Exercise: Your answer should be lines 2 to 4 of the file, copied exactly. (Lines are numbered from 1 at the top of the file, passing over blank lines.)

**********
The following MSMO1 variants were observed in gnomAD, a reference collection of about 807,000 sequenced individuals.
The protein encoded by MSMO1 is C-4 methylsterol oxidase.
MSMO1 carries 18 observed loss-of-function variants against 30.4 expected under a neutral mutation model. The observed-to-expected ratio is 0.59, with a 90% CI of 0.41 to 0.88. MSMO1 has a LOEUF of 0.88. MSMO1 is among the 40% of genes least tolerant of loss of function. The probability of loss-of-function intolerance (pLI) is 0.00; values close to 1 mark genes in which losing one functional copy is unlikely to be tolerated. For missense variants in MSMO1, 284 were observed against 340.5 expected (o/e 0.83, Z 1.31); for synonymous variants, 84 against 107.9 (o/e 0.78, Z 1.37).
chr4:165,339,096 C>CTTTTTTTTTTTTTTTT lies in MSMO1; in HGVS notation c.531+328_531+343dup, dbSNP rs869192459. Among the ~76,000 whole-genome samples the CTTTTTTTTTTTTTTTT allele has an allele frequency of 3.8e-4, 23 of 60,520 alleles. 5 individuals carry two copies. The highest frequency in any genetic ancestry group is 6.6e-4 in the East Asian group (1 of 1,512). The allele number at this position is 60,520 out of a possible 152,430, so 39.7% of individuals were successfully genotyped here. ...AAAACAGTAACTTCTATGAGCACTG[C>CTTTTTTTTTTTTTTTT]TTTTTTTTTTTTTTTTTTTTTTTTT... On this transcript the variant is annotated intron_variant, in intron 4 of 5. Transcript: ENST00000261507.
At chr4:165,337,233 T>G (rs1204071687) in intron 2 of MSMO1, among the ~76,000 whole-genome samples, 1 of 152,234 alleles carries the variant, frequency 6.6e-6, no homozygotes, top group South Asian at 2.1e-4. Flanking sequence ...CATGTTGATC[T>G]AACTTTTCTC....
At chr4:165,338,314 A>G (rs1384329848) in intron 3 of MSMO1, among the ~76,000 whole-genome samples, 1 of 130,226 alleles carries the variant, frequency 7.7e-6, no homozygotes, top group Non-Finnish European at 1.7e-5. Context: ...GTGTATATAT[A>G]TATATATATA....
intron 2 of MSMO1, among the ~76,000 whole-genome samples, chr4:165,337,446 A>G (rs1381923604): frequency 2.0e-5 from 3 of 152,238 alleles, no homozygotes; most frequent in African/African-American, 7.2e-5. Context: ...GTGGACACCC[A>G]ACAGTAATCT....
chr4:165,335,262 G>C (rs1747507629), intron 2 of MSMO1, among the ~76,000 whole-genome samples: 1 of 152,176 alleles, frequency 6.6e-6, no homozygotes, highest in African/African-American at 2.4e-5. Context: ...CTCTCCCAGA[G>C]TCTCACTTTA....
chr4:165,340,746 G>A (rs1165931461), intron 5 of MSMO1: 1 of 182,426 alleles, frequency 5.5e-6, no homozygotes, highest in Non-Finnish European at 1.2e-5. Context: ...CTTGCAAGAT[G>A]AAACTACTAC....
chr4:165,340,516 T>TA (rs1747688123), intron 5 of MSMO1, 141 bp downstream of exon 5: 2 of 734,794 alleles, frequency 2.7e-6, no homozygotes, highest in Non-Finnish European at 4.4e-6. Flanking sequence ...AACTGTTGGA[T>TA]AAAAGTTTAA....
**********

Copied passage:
The protein encoded by MSMO1 is C-4 methylsterol oxidase.
MSMO1 carries 18 observed loss-of-function variants against 30.4 expected under a neutral mutation model. The observed-to-expected ratio is 0.59, with a 90% CI of 0.41 to 0.88. MSMO1 has a LOEUF of 0.88. MSMO1 is among the 40% of genes least tolerant of loss of function. The probability of loss-of-function intolerance (pLI) is 0.00; values close to 1 mark genes in which losing one functional copy is unlikely to be tolerated. For missense variants in MSMO1, 284 were observed against 340.5 expected (o/e 0.83, Z 1.31); for synonymous variants, 84 against 107.9 (o/e 0.78, Z 1.37).
chr4:165,339,096 C>CTTTTTTTTTTTTTTTT lies in MSMO1; in HGVS notation c.531+328_531+343dup, dbSNP rs869192459. Among the ~76,000 whole-genome samples the CTTTTTTTTTTTTTTTT allele has an allele frequency of 3.8e-4, 23 of 60,520 alleles. 5 individuals carry two copies. The highest frequency in any genetic ancestry group is 6.6e-4 in the East Asian group (1 of 1,512). The allele number at this position is 60,520 out of a possible 152,430, so 39.7% of individuals were successfully genotyped here. ...AAAACAGTAACTTCTATGAGCACTG[C>CTTTTTTTTTTTTTTTT]TTTTTTTTTTTTTTTTTTTTTTTTT... On this transcript the variant is annotated intron_variant, in intron 4 of 5. Transcript: ENST00000261507.